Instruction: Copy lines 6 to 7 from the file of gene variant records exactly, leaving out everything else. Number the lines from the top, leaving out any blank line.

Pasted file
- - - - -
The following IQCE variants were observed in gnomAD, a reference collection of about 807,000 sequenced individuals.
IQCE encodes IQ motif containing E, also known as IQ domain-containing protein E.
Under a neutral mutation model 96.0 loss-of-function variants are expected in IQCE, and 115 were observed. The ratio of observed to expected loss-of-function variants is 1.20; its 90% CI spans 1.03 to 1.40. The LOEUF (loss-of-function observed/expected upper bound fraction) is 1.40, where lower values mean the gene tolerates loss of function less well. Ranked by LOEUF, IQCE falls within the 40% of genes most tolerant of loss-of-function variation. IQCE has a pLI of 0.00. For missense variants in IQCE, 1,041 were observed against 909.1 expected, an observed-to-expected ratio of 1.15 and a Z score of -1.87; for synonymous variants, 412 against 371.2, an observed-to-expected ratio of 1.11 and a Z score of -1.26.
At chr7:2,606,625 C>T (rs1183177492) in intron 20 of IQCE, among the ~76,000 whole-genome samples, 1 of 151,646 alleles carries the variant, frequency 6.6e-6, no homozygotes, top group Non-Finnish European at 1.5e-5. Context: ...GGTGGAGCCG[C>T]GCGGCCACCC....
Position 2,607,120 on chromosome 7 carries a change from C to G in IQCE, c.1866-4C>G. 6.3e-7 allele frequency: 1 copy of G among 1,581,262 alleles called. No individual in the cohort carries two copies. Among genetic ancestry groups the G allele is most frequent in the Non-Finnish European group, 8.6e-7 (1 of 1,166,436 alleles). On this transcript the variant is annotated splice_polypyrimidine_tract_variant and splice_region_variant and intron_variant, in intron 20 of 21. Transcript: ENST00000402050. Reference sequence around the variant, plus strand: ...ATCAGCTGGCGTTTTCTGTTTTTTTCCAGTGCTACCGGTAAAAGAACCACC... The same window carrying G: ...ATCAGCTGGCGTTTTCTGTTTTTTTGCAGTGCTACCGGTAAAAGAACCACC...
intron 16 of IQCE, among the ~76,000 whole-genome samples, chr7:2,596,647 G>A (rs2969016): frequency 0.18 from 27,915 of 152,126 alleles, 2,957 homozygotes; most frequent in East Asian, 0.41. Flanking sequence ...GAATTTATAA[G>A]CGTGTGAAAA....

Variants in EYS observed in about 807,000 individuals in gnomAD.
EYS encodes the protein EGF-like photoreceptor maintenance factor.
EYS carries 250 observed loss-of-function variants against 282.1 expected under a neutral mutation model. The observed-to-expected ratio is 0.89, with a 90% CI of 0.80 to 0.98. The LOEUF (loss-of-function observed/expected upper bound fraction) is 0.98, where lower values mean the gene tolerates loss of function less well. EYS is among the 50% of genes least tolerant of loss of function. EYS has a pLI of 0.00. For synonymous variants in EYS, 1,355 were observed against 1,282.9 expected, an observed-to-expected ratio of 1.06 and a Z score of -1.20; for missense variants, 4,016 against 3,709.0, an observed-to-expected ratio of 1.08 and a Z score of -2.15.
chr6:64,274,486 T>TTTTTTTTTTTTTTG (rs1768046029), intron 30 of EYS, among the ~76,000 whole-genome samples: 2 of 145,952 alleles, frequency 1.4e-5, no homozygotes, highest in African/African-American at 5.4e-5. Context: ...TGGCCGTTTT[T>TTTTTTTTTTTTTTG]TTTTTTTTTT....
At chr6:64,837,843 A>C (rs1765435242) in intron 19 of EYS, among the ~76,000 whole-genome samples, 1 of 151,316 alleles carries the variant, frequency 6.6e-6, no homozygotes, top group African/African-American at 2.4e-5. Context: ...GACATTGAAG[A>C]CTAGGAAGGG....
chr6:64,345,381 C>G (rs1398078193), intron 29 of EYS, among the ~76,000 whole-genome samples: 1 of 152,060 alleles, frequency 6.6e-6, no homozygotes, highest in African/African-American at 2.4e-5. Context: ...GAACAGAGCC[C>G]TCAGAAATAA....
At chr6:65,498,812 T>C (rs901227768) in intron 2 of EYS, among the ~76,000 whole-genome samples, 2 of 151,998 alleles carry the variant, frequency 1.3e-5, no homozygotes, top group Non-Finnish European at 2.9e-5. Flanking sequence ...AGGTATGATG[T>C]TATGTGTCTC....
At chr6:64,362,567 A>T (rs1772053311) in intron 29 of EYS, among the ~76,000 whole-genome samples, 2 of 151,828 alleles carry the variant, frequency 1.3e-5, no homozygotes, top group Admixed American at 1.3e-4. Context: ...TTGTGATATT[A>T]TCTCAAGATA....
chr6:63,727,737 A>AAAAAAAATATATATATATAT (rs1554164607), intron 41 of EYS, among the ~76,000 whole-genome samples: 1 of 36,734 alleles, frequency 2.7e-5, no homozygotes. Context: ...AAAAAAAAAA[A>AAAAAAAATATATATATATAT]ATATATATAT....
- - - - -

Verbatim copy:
intron 16 of IQCE, among the ~76,000 whole-genome samples, chr7:2,596,647 G>A (rs2969016): frequency 0.18 from 27,915 of 152,126 alleles, 2,957 homozygotes; most frequent in East Asian, 0.41. Flanking sequence ...GAATTTATAA[G>A]CGTGTGAAAA....

Variants in EYS observed in about 807,000 individuals in gnomAD.